Four short videos they’re calling album trailers have been released as a way to foster a greater connection with the project between the band and its audience. One shows Trenton finding his rhythm on the pitchfork. The most recent installment offers a behind-the-scenes look at Possum Valley as a music video for “A Beast. A Bullet. A Baby.” from Echoes. Another finds Gasaway discussing writing songs for the record, while “What is Possum Valley?” features Bakewell discussing his own connection to the farm.
The series seems like a push for a clever way to sell the idea of The Big Deep, to build a buzz in the weeks leading up to the release of Echoes. And quite probably it is, but in The Big Deep’s control, effective marketing and commitment to a total concept are not mutually exclusive.
“If we tell that story right and help people understand what they’re hearing, it’s going to make them appreciate it more and enjoy what we’ve created,” Gasaway said.
As an attempt at connecting audiences with the band’s experience, it might also be an effort to highlight the meticulous care with which the band pieced together Echoes, with much of the album tracked at Possum Valley, more guitar and vocal parts recorded at Music Factory Productions in Omaha, and Tregan’s keys recorded on a baby grand piano at Bakewell’s parents’ home.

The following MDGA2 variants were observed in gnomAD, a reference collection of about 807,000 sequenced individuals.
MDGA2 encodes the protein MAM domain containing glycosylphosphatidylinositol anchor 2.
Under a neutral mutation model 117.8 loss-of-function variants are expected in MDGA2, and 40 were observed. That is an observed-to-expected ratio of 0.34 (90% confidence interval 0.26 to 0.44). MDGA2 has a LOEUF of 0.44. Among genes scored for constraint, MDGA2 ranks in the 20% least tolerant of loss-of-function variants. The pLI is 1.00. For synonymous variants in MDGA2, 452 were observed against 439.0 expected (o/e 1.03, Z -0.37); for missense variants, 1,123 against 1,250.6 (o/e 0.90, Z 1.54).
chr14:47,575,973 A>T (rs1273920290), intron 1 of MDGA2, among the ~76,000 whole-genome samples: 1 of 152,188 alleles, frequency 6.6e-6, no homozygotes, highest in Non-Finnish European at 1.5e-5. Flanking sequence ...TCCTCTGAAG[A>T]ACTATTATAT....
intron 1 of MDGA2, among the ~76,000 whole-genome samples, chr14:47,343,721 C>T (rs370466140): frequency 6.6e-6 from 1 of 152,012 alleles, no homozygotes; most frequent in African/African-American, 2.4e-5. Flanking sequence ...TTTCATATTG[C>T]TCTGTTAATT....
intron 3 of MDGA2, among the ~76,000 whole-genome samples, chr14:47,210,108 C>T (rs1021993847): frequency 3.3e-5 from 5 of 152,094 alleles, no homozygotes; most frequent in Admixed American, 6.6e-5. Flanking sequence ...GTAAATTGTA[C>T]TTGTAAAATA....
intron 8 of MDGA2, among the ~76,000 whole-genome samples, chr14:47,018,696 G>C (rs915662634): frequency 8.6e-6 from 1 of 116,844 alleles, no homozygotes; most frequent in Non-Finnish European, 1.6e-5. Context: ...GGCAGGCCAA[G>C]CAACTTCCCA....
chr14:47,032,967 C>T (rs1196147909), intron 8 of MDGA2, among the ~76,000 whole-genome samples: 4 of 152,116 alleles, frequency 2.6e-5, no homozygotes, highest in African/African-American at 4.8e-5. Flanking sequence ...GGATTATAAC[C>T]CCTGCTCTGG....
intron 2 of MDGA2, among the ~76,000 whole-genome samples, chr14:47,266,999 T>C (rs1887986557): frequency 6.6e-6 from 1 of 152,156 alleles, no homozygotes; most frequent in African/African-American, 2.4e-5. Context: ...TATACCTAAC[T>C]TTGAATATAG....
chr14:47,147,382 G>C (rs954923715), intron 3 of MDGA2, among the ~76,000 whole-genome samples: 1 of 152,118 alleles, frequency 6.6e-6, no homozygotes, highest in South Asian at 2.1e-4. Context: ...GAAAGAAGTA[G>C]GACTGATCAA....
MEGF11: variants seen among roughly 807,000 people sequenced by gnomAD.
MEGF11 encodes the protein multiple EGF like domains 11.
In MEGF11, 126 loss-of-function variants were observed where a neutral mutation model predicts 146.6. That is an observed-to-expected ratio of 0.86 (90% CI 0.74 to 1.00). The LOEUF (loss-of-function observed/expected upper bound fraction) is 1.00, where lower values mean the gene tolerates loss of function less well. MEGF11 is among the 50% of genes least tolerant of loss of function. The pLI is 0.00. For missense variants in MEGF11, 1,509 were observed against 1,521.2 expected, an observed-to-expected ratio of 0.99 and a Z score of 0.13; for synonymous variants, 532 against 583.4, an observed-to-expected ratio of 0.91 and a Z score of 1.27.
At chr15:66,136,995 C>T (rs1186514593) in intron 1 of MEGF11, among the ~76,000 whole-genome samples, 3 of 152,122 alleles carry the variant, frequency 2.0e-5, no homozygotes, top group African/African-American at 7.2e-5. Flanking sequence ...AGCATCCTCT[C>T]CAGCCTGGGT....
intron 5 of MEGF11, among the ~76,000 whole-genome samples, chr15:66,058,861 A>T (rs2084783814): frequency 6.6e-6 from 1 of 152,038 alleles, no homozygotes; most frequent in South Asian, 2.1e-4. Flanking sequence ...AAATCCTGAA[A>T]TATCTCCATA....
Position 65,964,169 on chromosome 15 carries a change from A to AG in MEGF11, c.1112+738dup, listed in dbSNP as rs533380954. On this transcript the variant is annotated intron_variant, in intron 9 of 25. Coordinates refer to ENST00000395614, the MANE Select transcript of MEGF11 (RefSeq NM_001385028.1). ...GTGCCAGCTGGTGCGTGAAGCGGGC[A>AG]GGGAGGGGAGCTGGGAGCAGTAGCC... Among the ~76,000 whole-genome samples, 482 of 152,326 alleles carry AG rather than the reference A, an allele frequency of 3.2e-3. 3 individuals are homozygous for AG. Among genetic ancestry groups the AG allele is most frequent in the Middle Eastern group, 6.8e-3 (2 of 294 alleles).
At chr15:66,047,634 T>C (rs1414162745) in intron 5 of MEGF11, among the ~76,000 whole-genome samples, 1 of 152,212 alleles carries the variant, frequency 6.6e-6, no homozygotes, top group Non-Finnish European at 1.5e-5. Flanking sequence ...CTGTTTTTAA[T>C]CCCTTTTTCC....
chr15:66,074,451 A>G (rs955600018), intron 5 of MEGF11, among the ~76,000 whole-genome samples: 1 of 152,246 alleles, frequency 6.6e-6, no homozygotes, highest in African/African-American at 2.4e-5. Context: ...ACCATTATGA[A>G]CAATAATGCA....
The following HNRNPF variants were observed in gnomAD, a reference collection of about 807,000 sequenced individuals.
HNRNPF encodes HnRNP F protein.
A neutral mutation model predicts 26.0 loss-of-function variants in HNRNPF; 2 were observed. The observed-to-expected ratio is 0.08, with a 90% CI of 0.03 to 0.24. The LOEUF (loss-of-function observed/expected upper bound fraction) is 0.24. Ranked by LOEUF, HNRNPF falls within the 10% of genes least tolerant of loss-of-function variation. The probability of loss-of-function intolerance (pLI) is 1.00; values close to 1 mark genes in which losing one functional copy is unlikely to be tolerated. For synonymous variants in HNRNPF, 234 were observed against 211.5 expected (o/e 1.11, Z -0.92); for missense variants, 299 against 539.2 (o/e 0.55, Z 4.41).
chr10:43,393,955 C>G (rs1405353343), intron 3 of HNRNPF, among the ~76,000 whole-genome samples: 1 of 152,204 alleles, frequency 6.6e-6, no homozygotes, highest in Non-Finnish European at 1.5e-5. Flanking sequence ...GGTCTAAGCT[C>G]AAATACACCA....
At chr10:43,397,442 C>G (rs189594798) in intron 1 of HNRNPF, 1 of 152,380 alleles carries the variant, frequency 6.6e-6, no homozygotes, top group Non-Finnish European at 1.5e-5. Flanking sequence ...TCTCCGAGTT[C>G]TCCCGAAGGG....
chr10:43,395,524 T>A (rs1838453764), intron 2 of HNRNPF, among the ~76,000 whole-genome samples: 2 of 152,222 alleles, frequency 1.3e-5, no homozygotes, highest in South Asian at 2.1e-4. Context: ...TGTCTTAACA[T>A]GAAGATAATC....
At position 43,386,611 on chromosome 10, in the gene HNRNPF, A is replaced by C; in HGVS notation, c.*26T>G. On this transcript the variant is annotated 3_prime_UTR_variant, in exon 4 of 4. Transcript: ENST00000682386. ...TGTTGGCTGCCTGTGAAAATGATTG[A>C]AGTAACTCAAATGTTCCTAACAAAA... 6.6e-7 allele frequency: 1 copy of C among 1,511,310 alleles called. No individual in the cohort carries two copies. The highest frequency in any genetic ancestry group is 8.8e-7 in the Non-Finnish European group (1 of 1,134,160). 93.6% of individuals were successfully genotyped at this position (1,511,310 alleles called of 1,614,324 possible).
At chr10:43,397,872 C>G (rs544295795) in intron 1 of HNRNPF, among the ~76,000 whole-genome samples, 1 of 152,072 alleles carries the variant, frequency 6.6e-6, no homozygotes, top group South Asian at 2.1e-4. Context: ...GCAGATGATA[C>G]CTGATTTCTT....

Transparency keeps all that work from being taken for granted, that is, it’s a way to show the care with which The Big Deep produced Echoes, efforts that might go unnoticed in the recordings themselves.
The songs on Echoes have been written and arranged by the band in the years since Roman Empire, and for the most part, each new song found a place on the record.
“We vet our songs pretty heavily before they’re even brought before the band,” Gasaway said. “Everyone’s time is pretty valuable.”
Bakewell said the band is usually open to Gasaway’s songs, and that it’s rare the singer would bring a half-baked idea to them.
“When Nate brings in a song, it’s probably made it through a bunch of other ideas that didn’t make the cut.”
In that way, Echoes slowly developed until the Possum Valley sessions. From there, the album begins to take shape.
Gasaway said something as seemingly simple as deciding the album’s track order and what kind of sound bridges would be best between each song was an arduous process for the band.